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    ABSTRACT: The highest incidence of childhood acute lower respiratory tract infection (ALRI) is in low- and middle-income countries. Few studies examined whether detection of respiratory viruses predicts ALRI outcomes in these settings. We conducted prospective cohort and case-control studies of children 1-23 months of age in Botswana. Cases met clinical criteria for pneumonia and were recruited within six hours of presentation to a referral hospital. Controls were children without pneumonia matched to cases by primary care clinic and date of enrollment. Nasopharyngeal specimens were tested for respiratory viruses using polymerase chain reaction. We compared detection rates of specific viruses in matched case-control pairs. We examined the effect of respiratory syncytial virus (RSV) and other respiratory viruses on pneumonia outcomes. Between April 2012 and August 2014, we enrolled 310 cases, of which 133 had matched controls. Median ages of cases and controls were 6.1 and 6.4 months, respectively. One or more viruses were detected from 75% of cases and 34% of controls. RSV and human metapneumovirus were more frequent among cases than controls, but only enterovirus/rhinovirus was detected from asymptomatic controls. Compared with non-RSV viruses, RSV was associated with an increased risk of treatment failure at 48 hours [risk ratio (RR): 1.85; 95% confidence interval (CI): 1.20, 2.84], more days of respiratory support [mean difference (MD): 1.26 days; 95% CI: 0.30, 2.22 days], and longer duration of hospitalization [MD: 1.35 days; 95% CI: 0.20, 2.50 days], but lower in-hospital mortality [RR: 0.09; 95% CI: 0.01, 0.80] in children with pneumonia. Respiratory viruses were detected from most children hospitalized with ALRI in Botswana, but only RSV and human metapneumovirus were more frequent than among children without ALRI. Detection of RSV from children with ALRI predicted a protracted illness course but lower mortality compared with non-RSV viruses.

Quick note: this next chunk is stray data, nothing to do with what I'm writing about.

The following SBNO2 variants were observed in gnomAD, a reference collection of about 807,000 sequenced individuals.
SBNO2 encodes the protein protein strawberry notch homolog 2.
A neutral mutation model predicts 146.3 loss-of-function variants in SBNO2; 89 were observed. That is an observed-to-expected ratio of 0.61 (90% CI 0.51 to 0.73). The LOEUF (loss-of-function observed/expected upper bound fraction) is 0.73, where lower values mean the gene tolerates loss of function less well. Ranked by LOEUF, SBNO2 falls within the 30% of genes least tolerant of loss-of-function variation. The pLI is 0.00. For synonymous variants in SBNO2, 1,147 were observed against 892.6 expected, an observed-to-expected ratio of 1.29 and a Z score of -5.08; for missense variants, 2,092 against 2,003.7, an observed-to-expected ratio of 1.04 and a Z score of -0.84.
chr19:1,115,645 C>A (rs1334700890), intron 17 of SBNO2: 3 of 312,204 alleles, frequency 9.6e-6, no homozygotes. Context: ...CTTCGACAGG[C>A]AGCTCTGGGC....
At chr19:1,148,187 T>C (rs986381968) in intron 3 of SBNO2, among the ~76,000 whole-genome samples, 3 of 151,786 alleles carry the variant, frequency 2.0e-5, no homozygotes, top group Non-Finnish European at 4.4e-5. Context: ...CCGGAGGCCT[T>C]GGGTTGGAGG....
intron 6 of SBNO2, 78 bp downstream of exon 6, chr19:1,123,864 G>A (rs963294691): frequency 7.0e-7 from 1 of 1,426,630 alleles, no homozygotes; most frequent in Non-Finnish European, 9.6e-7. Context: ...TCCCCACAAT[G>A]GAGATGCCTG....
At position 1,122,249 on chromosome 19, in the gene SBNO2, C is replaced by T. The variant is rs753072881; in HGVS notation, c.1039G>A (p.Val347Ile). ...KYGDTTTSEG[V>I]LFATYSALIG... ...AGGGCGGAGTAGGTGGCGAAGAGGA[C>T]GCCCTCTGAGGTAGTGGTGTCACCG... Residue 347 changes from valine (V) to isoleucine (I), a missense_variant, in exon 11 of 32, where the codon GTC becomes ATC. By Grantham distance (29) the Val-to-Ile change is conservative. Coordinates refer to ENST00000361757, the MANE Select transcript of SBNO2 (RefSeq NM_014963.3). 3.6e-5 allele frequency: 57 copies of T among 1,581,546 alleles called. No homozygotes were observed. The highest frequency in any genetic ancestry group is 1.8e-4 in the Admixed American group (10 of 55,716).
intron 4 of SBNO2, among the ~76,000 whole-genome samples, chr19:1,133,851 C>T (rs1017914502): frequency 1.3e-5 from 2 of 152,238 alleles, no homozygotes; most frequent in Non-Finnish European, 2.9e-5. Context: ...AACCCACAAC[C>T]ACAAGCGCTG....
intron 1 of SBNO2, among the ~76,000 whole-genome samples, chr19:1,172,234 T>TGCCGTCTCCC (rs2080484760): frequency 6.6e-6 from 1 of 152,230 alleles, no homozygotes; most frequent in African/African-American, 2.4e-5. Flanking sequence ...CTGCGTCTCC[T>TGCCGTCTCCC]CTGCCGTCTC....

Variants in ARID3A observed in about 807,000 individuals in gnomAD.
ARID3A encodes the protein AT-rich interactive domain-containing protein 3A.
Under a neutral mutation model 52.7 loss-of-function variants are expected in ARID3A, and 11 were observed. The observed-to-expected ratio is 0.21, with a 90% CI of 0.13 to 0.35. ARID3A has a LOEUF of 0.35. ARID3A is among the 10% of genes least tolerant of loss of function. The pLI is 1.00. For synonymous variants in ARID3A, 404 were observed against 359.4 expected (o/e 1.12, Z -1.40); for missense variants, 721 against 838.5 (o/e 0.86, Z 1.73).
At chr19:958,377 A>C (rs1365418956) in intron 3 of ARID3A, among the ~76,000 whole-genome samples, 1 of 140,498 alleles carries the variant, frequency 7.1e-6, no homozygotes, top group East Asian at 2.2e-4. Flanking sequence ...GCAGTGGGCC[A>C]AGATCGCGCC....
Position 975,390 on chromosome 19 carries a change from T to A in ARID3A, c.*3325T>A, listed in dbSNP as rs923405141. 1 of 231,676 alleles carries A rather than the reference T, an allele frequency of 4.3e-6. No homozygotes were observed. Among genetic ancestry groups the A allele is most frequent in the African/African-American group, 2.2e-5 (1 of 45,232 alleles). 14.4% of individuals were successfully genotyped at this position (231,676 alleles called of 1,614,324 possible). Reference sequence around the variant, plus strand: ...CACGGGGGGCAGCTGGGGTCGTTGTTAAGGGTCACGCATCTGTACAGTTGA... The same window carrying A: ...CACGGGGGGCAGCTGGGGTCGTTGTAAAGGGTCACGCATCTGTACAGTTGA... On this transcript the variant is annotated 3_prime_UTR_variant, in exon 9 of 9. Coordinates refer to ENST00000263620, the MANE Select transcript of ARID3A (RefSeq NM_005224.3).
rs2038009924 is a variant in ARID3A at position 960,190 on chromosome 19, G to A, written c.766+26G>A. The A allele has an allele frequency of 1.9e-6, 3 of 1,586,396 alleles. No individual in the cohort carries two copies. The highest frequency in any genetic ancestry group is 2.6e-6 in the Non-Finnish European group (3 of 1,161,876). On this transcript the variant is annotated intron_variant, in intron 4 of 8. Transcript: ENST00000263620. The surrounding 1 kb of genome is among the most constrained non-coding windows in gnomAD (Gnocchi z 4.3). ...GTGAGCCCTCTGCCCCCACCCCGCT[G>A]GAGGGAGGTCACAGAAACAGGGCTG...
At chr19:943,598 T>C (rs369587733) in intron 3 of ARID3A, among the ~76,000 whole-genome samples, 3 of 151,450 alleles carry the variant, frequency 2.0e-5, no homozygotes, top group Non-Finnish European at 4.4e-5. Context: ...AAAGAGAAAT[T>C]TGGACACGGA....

PLoS ONE 05/2015; 10(5):e0126593. DOI:10.1371/journal.pone.0126593 · 3.23 Impact Factor
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    ABSTRACT: We examined the association between baseline peripheral white blood cell count (WBC) and C-reactive protein (CRP) values with outcomes among 153 children hospitalized with pneumonia. In multivariable analyses, CRP, but not WBC count, was significantly associated with both fever duration and hospital length of stay. For every 1mg/dL increase in CRP, length of stay increased by 1 hour.